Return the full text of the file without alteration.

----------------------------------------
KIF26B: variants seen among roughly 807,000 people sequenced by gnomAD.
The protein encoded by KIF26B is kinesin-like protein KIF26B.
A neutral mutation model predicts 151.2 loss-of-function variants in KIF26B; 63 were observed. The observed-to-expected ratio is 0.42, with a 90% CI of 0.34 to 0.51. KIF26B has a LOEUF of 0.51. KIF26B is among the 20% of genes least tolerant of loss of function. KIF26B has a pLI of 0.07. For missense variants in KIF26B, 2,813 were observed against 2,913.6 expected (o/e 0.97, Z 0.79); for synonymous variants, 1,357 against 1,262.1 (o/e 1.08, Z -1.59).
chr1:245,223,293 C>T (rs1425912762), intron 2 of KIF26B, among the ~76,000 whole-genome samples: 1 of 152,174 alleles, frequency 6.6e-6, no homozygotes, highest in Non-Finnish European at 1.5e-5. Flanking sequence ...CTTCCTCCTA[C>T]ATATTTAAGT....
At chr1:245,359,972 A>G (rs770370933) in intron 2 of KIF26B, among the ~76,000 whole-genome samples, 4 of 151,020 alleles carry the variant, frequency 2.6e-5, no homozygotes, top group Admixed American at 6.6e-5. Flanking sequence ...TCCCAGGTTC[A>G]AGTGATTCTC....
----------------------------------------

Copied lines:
KIF26B: variants seen among roughly 807,000 people sequenced by gnomAD.
The protein encoded by KIF26B is kinesin-like protein KIF26B.
A neutral mutation model predicts 151.2 loss-of-function variants in KIF26B; 63 were observed. The observed-to-expected ratio is 0.42, with a 90% CI of 0.34 to 0.51. KIF26B has a LOEUF of 0.51. KIF26B is among the 20% of genes least tolerant of loss of function. KIF26B has a pLI of 0.07. For missense variants in KIF26B, 2,813 were observed against 2,913.6 expected (o/e 0.97, Z 0.79); for synonymous variants, 1,357 against 1,262.1 (o/e 1.08, Z -1.59).
chr1:245,223,293 C>T (rs1425912762), intron 2 of KIF26B, among the ~76,000 whole-genome samples: 1 of 152,174 alleles, frequency 6.6e-6, no homozygotes, highest in Non-Finnish European at 1.5e-5. Flanking sequence ...CTTCCTCCTA[C>T]ATATTTAAGT....
At chr1:245,359,972 A>G (rs770370933) in intron 2 of KIF26B, among the ~76,000 whole-genome samples, 4 of 151,020 alleles carry the variant, frequency 2.6e-5, no homozygotes, top group Admixed American at 6.6e-5. Flanking sequence ...TCCCAGGTTC[A>G]AGTGATTCTC....